The prospect of a product recall is something which business owners lose sleep over. It is almost inevitable that, at some point or other, a defective product will make it out into the marketplace. The manufacturer then faces the ominous task of getting all of those units back – a difficult task, to be sure and one which necessitates widely and loudly broadcasting the fact that the product is defective – which is not something most field marketing strategists recommend.
Indeed, issuing such an unequivocal mea culpa is not a palatable idea for many businesses. But it is sometimes a necessary evil, if further irreparable damage to the brand is to be avoided. If handled improperly, a product recall can be utterly disastrous, even business ending.
In this article, we’ll look at one of the most notorious product recalls in history – that of Ford’s 1971 Pinto and see what lessons we can derive from it.
The car in question inspired what was perhaps one of the most scandalous product recalls of all time. Its design made it especially vulnerable to rear-end collisions. The fuel tank was placed at the rear of the car in such a way that it would easily rupture if impacted, a produce a fireball. The internet provides us with footage of the notorious fault being displayed in a crash test, in which a Pinto is rear-ended by a Chevrolet Impala, with spectacular results (though interestingly, it is the Chevrolet which suffers the most from the resulting fireball).
Ford’s response to this problem was, to say the least, indecisive. In 1973, senior managers at Ford had to make a decision about the safety of the Pinto. A memo was circulated which included a brutal cost-benefit analysis of fixing the fault.
Ford estimated that the fault would kill two-hundred people a year. They further estimated that the legal costs incurred by each death would amount to around two-hundred thousand dollars per person. The cost of not fixing the fault was therefore around $50 million, far less than that imposed by installing the eleven-dollar plastic block into twelve million cars, at a total cost of around $137 million. Thus Ford elected to leave the car defective.
A few years later, it was widely reported that Ford’s figures were roughly accurate and that around two hundred people per year did indeed die. Figures from the National Highway Traffic Safety Administration, the governing body for America’s highways, put the figure at a rather more lean 27.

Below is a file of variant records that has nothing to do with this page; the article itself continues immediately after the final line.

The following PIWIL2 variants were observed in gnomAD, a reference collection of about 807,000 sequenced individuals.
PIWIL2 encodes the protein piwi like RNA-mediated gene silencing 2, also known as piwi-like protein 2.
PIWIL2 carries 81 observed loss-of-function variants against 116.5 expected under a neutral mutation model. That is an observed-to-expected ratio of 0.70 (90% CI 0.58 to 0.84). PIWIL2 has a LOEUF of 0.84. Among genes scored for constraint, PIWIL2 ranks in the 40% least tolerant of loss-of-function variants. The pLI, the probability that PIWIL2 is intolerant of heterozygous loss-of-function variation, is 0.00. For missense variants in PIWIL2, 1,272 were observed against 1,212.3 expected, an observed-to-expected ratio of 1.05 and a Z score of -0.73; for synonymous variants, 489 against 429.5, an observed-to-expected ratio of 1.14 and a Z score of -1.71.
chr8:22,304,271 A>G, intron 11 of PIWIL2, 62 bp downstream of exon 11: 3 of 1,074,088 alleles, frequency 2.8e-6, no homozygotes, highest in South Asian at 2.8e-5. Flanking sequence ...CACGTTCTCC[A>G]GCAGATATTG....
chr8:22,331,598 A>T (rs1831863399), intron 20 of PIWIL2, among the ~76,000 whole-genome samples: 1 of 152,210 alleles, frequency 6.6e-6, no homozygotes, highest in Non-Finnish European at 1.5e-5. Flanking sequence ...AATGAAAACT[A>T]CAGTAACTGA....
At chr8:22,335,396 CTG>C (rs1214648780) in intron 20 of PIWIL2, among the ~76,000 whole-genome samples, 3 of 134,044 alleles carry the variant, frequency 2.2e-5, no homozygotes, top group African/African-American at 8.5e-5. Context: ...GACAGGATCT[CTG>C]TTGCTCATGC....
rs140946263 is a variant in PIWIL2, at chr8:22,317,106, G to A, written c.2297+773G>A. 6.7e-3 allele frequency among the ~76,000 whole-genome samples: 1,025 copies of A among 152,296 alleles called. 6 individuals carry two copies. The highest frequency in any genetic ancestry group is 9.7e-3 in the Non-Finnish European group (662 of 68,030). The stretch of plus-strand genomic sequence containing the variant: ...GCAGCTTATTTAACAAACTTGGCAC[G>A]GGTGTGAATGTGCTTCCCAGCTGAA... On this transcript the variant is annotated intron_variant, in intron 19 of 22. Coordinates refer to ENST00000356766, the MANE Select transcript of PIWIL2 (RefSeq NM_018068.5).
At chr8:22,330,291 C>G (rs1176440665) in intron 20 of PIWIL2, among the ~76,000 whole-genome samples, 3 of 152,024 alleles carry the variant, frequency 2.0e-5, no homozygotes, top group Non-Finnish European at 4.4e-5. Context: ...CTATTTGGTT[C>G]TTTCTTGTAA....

However dangerous the car may or may not have been, the impact upon Ford’s public image was enormous. When the general public was exposed to the apparently psychopathic internal logic of the motoring giant, the response ranged from indifference to revulsion. It was even claimed that Ford’s handling of the situation brought capitalism itself into question. While the ethical implications of Ford’s decision were labyrinthine and largely academic, its PR cost was very real.
In 1978, Ford recalled the vehicle so that the necessary modifications could be made – but by then the damage had already been done. Legal proceedings were undertaken and the company was forced to back down. The Pinto would not survive much longer and it would be replaced by the Ford Escort, which suffered few such complaints and went on to become a household name – thanks in no small part to perceived improvements in safety.
The debacle would later earn the Pinto a place on TIME magazine’s list of the worst cars of all time and a place in product-recall infamy so assured that we’re still citing this case almost four decades later.
While the public relations pressures exerted on Ford were severe, they were as nothing compared to what the modern media-saturated world would exert on such a defective vehicle. While the public is a great deal more forgiving than they once were, as their expectations have been lowered, news of defects now disseminates extremely quickly and commercial rivals are quick to exploit failures over social media. Any company which drags its feet over such an issue is likely to see its customers drying up and its share price dwindling.
If you are a business owner and worry about what might happen in the event that you need to recall a product, then the best solution is to plan ahead. Enlisting the aid of a dedicated product recall company can make the difference between a competently-managed withdrawal and a clumsy PR disaster. In today’s protean retail market, the difference between the two is often a matter of preparation.